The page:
It's Independence Day; the anniversary of our nation's birth. Our great nation was built on the blood and sweat of courageous and generous men and women; people of great character and solid principles.
Last week as I was helping a young man fill out a W-4 form to work on our farm, he said, "Wait... what do I put here? The only options are married or single. I'm living with a girl but we're not married, but I'm not exactly single. What am I?" I responded to him, "Exactly. What are you doing? Nothing. It's not anything, it's a lie. It's not good for you or for her. Why haven't you married her?" I was a little surprised with my response and not sure how he would take it (he was a perfect stranger), but he just said, in stride, "Dude, and lose my freedom? If I marry her, I won't have no freedom. We're just tryin' it out for a while, no risk no obligation." Wow. He calls that "freedom"? Sounds more like a late-night infomercial where you can get some cheap ware and return it after 30 days (less shipping and handling) if you're not completely satisfied. Hardly the way to think of a person.
My husband is at home working endless hours for the 2nd cutting of hay. I'm in the Palouse Hills with my sister-in-law, watching a Star Wars marathon, eating popcorn, drinking orange soda with peach schnapps, reclining on a micro-fiber ultra plush couch, sleeping in late, vacationing it up... no husband, just me and the life of utter "liberty." Yet oh how I wish I were back in the grind of home. The old gag about the ball and chain of marriage is such balogna. There's no place on earth I'd rather be than with my husband. Don't get me wrong, I love my sister-in-law and we're having a wonderful time. It's intensely relaxing. But I certainly don't miss my days of "independence" as a single woman. What I miss is my husband. I've only been here 24 hours, but at least a dozen times (maybe more) I've seen something my husband would enjoy or understand and found myself murmuring, "I wish he were here" or "oh he would enjoy this so much." Marriage has unleashed my field of vision to see the world no longer for myself alone, but through the eyes of another whom I love -- to get excited about things he would, or enjoy things I know he does. It has broadened and expanded my very personhood to include and become more than I ever was alone... and in a much deeper way than simple (though deep) friendships. It has given me the freedom to become more a more complete person than I could have been without these bonds of love.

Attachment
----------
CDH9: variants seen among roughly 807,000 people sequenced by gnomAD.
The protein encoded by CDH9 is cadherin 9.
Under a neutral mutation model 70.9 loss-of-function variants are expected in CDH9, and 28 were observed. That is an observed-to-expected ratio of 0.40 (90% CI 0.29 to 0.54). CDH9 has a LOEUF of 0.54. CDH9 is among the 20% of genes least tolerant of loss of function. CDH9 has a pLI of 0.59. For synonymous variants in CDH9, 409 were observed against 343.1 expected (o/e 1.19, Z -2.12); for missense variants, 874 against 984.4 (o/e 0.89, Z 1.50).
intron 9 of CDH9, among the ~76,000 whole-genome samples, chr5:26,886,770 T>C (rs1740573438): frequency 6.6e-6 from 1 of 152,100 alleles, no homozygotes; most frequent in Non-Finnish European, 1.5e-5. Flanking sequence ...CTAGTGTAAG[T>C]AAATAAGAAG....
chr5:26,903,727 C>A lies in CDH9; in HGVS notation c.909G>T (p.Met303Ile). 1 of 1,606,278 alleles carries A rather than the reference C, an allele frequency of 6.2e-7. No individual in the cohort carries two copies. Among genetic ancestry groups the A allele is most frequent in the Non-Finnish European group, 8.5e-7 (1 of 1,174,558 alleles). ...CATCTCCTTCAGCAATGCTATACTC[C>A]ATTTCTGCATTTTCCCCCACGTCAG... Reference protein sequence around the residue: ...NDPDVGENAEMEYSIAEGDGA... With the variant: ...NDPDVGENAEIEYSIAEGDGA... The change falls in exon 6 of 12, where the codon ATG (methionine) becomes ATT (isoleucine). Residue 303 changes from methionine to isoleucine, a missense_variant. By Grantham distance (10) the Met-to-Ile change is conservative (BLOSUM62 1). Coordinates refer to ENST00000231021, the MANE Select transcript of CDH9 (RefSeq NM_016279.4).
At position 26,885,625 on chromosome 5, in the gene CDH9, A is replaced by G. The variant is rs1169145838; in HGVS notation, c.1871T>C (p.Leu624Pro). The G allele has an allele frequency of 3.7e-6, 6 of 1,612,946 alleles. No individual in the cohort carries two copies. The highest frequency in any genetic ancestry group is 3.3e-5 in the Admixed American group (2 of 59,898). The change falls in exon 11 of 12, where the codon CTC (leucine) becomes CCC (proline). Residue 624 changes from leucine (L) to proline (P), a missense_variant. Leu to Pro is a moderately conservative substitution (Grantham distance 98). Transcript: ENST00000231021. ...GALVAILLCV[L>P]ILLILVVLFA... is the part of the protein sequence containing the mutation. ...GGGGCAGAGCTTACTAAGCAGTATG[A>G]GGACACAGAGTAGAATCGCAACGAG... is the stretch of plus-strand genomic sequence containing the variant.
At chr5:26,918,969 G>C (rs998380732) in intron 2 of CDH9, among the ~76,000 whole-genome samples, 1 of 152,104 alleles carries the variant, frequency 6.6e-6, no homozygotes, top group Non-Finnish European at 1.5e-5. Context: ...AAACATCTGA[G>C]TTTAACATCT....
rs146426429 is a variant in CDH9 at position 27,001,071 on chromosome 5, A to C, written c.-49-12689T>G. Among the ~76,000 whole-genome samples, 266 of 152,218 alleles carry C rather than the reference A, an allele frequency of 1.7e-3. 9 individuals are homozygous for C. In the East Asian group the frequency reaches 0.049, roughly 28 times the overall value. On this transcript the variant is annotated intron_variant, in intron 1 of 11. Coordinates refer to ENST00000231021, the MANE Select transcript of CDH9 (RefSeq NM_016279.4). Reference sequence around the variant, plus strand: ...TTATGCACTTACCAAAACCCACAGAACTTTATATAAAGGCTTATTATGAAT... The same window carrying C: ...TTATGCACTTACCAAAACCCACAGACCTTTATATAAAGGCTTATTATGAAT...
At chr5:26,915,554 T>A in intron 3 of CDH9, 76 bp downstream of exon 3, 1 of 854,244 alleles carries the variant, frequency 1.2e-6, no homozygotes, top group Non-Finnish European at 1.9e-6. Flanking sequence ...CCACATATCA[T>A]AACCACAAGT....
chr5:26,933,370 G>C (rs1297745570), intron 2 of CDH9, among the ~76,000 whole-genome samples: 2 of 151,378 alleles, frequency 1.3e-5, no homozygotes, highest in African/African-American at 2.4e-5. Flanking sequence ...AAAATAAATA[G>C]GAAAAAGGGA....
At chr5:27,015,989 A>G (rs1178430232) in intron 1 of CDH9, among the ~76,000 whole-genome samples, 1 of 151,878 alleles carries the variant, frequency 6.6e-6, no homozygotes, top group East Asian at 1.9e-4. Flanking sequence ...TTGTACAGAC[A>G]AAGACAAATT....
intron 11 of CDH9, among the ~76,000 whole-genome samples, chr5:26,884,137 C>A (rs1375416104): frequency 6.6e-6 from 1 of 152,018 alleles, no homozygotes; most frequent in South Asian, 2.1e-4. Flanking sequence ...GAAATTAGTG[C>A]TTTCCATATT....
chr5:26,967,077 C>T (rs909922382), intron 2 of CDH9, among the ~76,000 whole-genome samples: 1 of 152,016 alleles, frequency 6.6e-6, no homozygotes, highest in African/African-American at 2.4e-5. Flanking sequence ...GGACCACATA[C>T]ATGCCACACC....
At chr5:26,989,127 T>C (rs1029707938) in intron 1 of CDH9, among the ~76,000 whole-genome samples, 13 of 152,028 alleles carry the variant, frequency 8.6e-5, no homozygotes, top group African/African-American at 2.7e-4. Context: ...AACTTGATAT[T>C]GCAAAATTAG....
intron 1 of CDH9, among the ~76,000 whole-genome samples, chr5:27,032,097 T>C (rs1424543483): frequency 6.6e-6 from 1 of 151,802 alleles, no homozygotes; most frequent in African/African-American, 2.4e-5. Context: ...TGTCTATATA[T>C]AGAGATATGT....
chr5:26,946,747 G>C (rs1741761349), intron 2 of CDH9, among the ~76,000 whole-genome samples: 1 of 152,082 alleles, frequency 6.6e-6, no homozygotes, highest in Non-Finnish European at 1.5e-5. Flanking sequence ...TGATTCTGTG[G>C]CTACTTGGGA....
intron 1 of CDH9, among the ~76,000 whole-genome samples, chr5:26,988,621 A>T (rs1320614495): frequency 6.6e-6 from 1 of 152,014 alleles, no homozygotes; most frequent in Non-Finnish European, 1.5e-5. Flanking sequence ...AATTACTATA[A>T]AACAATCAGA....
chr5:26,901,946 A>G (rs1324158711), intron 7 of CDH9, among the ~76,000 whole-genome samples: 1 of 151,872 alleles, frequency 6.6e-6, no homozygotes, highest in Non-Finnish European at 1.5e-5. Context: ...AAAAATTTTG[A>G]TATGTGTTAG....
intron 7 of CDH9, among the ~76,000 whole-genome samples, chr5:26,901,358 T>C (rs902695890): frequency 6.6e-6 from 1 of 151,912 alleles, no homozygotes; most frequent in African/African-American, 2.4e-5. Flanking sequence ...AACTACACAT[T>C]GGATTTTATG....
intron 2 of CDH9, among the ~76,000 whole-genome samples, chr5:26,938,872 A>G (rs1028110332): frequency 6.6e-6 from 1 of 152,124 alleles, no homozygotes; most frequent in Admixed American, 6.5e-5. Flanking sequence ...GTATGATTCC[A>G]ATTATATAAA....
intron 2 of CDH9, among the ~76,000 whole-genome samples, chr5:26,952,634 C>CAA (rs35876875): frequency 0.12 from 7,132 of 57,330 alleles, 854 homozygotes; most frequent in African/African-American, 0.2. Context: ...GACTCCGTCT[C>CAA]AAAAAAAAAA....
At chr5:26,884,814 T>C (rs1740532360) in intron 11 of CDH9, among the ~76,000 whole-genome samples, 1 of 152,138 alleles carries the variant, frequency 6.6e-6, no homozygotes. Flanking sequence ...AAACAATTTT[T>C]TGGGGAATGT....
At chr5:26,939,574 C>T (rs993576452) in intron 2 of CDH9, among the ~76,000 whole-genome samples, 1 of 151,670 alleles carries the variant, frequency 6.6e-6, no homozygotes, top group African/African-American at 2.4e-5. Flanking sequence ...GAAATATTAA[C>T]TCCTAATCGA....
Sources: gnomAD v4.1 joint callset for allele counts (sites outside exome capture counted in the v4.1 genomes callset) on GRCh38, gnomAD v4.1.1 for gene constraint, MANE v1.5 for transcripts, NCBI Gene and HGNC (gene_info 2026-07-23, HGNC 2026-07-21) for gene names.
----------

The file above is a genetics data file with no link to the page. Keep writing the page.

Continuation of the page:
So to all those commitment-phobes, those radical feminists, those live-ins, those wise-crackers who say marriage is a blight on liberty and a loss of freedom I say, "man cannot fully find himself except through a sincere gift of himself" (Theology of the Body, JP2), and I was never more liberated than when I became bound to my husband until death do us part.
True liberty is not license to do as we wish, but the freedom to do what we ought. Happy Independence Day!